I recently completed processing and creating a finding aid-available online- for the collection, Martin-Campbell-Furlong Family Papers, 1795-1963 (MC 90) . Before moving on to another project, I wanted to bring attention to two more family members who are documented within this collection, Sarah Jane Campbell (1844-1928) and her sister Marianne Campbell (1840-1913). Jane and Marianne were two of the few 19th- and early 20th century prominent Catholic women feminists who advocated for women’s equality, specifically a woman’s right to vote. Both were very active within the women’s suffrage movement until the passage of the nineteenth amendment.
Jane, a prolific writer and speaker, was considerably visible within the suffrage movement. In 1892, she founded the Women’s Suffrage Society of Philadelphia, and served as its president for 22 years. She was also on the executive board of the Pennsylvania Women’s Suffrage Association and represented Philadelphia in the American Women’s Suffrage Association. She served as a delegate to the national and state conventions and was often in demand as a speaker.
The mouthpiece for Jane and Marianne’s views came in the form of the magazine Woman’s Progress in literature, science, art, education, and politics, which Marianne founded in 1893. Jane served as the magazine’s editor. Under the pseudonyms “T.S. Arthur” and “Catherine Osborne,” Marianne contributed many articles.
The periodical, according to its editor, was to “be a high class monthly magazine devoted to the best interests of Women. It is the intention of the editor,” the first issue’s editorial announcement notes,” to keep women informed of the various opportunities that are open to them; of their political status in different parts of the world; and of their work in Literature, Art, Science and Education.” In the journal, Jane called for political equality while writing essays about Catholic women’s past achievements in education and charitable work.
Jane and Marianne were also involved in numerous Catholic, civic, Irish-American, botanical, and historical organizations and associations, such as the American Catholic Historical Society for which Jane served as recording secretary for a time, as well as the City History Society of Philadelphia, the Audubon Society, St. Vincent’s Aid Society, the Civic Club, the Mercantile Club, and the Women’s Press Club among others. Long-time residents of Germantown, they were also actively involved in the social and cultural affairs of this section of the city.
Jane also contributed to several Philadelphia newspapers, including The Philadelphia Inquirer, the Record, and the Ledger writing about a multitude of topics. She also wrote children’s folk tales for the Record and contributed to Catholic publications, including the Rosary Magazine of New York, the Catholic Messenger, and the Records of the American Catholic Historical Society.
As an art teacher who worked in Philadelphia’s public schools for fifty-five years- her last position as Head of the Art Department at the Girls’ Normal School- Marianne was deeply devoted to and active in her profession. She was pivotal in the formation of the Teachers’ Annuity and Aged Society for the care of aged teachers. Marianne herself was an artist having studied at the Academy of the Fine Arts, often entering paintings in its annual exhibitions.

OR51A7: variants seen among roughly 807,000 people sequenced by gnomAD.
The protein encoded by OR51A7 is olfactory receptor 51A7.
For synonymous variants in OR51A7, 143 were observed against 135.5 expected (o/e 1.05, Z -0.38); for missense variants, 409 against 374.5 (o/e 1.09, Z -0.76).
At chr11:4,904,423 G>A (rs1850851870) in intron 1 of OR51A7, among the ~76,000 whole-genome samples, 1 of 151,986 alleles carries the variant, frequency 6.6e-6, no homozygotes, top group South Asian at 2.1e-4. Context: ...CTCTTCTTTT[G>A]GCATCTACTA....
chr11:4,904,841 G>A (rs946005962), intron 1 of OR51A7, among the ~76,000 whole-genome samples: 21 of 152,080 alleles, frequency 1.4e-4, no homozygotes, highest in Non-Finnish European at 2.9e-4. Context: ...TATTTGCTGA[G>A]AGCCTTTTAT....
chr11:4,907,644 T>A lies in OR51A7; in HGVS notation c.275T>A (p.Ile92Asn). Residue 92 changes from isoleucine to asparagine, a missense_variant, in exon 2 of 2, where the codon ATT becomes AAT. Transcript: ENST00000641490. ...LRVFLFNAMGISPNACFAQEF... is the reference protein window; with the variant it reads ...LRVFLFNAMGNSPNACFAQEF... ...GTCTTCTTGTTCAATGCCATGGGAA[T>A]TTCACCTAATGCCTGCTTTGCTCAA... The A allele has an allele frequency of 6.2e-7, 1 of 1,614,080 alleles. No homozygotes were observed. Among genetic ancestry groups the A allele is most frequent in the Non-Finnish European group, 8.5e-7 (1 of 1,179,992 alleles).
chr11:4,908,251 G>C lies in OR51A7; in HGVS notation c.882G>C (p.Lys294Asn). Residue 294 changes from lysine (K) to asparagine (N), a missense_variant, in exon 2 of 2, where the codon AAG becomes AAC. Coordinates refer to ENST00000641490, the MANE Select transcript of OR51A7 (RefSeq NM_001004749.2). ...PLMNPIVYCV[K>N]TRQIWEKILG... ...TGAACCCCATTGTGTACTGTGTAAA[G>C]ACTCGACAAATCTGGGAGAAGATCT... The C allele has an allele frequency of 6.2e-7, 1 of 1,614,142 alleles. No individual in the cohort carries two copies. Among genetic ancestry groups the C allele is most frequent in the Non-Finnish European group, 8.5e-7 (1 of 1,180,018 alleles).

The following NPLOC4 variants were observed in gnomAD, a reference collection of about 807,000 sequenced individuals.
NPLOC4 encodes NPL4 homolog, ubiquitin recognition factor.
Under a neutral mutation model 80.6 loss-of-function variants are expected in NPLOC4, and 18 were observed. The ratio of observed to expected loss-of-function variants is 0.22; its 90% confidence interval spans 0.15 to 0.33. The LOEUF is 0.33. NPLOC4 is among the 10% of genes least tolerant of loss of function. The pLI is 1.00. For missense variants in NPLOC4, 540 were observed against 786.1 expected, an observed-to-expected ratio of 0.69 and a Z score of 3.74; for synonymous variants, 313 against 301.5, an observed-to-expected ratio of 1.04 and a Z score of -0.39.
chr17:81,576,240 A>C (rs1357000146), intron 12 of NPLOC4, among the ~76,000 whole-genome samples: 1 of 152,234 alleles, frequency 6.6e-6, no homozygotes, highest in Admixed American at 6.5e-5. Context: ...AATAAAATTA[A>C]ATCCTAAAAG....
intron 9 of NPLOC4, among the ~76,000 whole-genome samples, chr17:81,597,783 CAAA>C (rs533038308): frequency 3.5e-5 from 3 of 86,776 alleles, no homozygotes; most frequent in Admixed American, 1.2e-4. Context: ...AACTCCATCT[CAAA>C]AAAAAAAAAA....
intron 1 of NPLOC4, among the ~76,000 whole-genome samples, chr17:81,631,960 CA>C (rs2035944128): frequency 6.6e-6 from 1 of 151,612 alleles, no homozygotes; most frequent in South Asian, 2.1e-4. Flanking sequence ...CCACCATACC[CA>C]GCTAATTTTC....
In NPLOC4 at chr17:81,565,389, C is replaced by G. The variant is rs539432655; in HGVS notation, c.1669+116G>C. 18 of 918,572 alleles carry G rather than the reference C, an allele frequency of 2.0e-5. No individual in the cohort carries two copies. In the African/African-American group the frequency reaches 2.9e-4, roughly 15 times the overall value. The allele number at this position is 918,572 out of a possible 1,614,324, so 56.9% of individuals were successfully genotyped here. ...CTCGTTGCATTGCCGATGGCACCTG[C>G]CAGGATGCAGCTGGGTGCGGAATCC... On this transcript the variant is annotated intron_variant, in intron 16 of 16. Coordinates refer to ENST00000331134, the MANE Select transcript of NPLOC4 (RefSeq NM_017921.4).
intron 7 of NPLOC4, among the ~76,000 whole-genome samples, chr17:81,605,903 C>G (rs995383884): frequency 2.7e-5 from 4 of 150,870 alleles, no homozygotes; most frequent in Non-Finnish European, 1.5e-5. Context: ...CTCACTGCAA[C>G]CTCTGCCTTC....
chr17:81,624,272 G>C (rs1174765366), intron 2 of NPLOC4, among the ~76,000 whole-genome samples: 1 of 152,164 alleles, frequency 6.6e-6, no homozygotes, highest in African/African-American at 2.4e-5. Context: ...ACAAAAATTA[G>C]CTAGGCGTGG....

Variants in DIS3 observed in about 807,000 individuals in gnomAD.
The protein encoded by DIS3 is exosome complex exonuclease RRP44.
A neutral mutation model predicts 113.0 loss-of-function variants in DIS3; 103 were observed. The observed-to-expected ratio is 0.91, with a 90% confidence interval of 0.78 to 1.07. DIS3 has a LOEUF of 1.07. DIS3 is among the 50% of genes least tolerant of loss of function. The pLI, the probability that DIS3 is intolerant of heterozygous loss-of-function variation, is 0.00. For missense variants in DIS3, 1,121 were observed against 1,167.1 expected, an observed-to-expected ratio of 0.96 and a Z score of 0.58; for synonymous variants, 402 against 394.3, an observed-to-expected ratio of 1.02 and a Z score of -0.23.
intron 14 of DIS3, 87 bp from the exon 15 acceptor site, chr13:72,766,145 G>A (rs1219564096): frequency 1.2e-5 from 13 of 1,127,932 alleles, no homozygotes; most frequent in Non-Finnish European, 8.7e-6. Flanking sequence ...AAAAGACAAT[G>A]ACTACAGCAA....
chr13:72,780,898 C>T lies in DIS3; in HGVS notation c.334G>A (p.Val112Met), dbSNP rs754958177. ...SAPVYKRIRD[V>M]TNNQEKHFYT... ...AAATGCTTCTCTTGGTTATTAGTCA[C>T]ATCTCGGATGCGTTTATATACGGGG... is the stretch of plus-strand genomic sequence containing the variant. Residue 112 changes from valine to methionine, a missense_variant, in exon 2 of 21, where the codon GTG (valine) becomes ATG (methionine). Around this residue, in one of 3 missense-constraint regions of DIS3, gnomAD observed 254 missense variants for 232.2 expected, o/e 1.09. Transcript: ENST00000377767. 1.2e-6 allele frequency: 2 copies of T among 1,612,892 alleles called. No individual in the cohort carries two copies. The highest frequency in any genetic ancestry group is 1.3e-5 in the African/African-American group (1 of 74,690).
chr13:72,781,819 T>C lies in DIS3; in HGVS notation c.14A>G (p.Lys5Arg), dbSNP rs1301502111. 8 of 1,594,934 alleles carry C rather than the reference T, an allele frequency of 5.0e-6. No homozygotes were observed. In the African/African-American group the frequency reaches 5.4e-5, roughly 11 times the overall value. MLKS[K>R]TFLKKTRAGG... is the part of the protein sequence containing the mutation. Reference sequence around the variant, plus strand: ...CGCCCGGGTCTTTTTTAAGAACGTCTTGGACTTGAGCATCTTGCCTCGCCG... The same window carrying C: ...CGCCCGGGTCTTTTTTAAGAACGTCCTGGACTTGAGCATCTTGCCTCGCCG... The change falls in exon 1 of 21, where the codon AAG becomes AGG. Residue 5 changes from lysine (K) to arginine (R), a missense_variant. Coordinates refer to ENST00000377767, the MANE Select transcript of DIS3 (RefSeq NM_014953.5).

Although there is only a limited amount of documentation for Marianne Campbell, including a few letters, obituary notices, and estate items, there is a decent amount of correspondence to and from Jane Campbell. The majority of these letters are from Jane to the family of William J. and Elizabeth Martin Campbell who lived with Jane and Marianne. Some document Jane’s involvement in the suffrage movement as well as her involvement in numerous associations and clubs, and reveal her political, religious, and family loyalties. For example, in the following letter written from Portsmouth, Rhode Island- which had ratified the 19th amendment several months prior- Jane writes We are staying over here to attend a Jubilee Suffrage meeting, the practical dissolution of the Newport and Bristol Ferry Suffrage Society. The women in Rhode Island have Presidential Suffrage…so that they can pass their ballots in the Presidential elections. The Rhode Island Constitution gives the Legislature the power of conferring Pres. Suf. on women and the Legislature has done so. I saw the Providence Journal of yesterday…but there was nothing from Tennessee where the battle of the 36th state is being fought, maybe it is already decided but I have no means of knowing for perhaps some days. (Five days later, Tennessee became the 36th state to ratify the amendment.)
Other materials relating to Jane include her will, and land deeds for the property she and Marianne purchased in Germantown.
PAHRC has an almost complete set of Woman’s Progress magazine (Call # PER-W).